Screened as part of NZIFF 2016

Sand Storm 2016

Sufat chol

Directed by Elite Zexer World

Elite Zexer’s mesmerising debut feature portrays the emotionally layered relationship between a Bedouin mother and her spirited daughter, both bound by village custom while struggling to adapt to a changing world.

France / Israel In Arabic with English subtitles
87 minutes CinemaScope / DCP



Haim Mecklberg
Estee Yacov-Mecklberg


Shai Peleg


Ronit Porat

Production designer

Nir Adler

Costume designer

Chen Gilad


Ran Bagno


Lamis Ammar (Layla)
Ruba Blal-Asfour (Jalila)
Haitham Omari (Suliman)
Khadija Alakel (Tasnim)
Jalal Masarwa (Anuar)


Berlin 2016


Grand Jury Prize (World Dramatic)
Sundance Film Festival 2016


The traditional ties that bind together a Bedouin family are being loosened by modernity and patriarchal authority is looking frightfully strained, but it still takes gumption for a young woman to pull free in this richly nuanced film. Israeli filmmaker Elite Zexer has long been acquainted with Bedouin village life and her film displays easy familiarity along with an intricate appreciation of culturally ingrained male self-interest and canny female retaliation.

Her portrayal of young Layla’s fledgling independence upends our expectations from the start: the film opens as Layla receives a secret driving lesson from her father, but in short time we discover that this apparently cool dad is about to take a second wife, and move her into the smart new house he’s built next door. Layla’s mother, Jalila, is expected to organise the wedding. It will be the tense but intimate bond between the spirited Layla and the proud, scorned Jalilia that most involves us. All women marry beneath themselves in Jalila’s world, but when she finds messages from a boyfriend on Layla’s phone it becomes clear that she still sees marriageability as the central issue of a young woman’s life.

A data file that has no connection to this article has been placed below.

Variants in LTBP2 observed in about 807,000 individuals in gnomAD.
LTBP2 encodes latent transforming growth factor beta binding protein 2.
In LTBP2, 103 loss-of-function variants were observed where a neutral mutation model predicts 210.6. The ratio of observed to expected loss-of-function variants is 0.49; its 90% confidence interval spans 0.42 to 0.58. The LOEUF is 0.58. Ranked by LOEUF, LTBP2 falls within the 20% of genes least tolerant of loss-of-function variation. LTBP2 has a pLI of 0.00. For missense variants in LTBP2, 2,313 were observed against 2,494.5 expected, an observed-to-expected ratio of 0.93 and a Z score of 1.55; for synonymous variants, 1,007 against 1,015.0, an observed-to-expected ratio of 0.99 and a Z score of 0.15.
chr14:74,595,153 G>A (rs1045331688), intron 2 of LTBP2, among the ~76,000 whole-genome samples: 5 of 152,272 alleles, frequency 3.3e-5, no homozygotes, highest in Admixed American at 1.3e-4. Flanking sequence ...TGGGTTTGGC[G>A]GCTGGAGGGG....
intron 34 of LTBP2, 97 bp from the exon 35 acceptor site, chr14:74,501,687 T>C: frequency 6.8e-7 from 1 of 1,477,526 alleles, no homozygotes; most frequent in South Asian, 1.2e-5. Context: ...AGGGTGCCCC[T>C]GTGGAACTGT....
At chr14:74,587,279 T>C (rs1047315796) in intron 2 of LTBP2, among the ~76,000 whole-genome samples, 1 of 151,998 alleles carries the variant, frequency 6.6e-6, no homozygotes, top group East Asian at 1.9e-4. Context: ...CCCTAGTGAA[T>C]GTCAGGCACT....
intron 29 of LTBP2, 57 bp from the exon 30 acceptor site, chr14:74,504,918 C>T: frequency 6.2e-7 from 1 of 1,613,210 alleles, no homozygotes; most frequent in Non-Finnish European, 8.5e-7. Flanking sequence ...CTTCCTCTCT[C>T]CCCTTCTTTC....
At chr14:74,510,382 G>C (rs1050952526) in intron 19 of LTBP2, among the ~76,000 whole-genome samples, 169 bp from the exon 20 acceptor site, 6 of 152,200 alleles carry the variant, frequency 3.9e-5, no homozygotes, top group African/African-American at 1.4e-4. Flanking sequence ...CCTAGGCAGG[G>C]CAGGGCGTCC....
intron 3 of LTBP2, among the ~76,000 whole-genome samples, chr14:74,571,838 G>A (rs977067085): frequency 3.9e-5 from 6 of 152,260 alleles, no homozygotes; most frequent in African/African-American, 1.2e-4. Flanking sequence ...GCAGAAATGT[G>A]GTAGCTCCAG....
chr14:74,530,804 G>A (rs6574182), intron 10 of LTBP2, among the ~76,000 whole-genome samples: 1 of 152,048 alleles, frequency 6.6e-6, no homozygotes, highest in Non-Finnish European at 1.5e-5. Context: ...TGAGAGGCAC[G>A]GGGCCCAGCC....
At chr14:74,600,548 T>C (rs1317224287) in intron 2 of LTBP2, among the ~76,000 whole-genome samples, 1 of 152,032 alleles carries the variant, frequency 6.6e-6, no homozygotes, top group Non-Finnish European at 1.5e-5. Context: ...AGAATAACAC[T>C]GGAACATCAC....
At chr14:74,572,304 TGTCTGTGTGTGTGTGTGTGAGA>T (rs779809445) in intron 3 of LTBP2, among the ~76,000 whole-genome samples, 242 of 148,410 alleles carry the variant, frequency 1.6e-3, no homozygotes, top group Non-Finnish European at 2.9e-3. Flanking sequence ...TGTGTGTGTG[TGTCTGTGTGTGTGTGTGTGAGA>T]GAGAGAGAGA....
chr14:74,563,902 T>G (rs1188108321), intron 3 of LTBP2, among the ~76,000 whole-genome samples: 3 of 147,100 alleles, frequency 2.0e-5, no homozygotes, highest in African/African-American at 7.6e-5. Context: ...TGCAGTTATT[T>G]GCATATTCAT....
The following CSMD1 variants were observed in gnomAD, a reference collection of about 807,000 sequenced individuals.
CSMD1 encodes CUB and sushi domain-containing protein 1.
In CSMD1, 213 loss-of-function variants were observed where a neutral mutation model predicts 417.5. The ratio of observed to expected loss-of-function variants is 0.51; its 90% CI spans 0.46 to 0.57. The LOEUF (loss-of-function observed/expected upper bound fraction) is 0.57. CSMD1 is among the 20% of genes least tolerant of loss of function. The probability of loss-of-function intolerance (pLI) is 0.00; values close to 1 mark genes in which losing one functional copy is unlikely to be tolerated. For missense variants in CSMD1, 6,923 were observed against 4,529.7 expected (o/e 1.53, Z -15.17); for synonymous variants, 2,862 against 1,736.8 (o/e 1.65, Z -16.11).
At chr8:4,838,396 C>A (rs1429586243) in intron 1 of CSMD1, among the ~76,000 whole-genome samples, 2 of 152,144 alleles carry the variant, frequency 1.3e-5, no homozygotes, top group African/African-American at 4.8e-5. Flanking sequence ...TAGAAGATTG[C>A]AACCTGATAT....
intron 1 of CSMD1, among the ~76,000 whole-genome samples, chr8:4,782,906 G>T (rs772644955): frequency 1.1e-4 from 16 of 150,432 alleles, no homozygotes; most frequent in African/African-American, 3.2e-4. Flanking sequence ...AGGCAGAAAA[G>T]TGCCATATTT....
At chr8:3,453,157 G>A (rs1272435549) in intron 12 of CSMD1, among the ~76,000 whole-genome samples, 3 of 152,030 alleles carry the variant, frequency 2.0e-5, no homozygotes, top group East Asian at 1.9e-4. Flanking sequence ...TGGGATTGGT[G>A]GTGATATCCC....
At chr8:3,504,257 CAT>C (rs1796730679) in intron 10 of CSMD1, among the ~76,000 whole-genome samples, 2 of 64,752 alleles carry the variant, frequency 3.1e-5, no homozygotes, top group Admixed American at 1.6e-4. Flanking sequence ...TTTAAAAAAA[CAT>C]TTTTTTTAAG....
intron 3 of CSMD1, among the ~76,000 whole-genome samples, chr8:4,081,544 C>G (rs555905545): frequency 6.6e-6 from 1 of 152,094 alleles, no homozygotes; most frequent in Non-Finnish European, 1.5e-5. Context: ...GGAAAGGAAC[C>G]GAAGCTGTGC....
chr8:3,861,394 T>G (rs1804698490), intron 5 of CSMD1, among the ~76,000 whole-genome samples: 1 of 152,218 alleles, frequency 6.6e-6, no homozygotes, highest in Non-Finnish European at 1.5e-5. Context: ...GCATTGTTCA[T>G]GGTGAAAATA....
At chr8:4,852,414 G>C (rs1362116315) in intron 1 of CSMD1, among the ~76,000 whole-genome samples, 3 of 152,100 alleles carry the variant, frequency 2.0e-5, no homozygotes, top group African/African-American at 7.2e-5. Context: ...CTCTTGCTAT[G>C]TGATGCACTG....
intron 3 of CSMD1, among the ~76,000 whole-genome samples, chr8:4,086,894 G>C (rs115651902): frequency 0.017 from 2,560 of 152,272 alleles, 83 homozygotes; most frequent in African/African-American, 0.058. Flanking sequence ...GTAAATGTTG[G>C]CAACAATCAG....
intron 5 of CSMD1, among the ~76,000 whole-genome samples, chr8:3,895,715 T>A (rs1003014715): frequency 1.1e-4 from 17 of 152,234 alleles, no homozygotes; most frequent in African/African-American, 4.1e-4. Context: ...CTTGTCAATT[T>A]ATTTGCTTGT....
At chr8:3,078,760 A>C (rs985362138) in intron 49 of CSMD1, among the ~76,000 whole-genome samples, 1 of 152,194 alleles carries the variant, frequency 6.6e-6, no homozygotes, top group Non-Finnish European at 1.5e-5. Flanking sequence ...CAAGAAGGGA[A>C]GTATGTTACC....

“Shot amid the desolate beauty of Israel’s Negev Desert... it charts the shifting power dynamics between men and women, and between parents and children. And although the film is set among the Bedouin – and carries the whiff of authenticity with respect to their rituals and attitudes, thanks to Zexer’s having spent years among them – its story feels universal.” — Bilge Ebiri, New York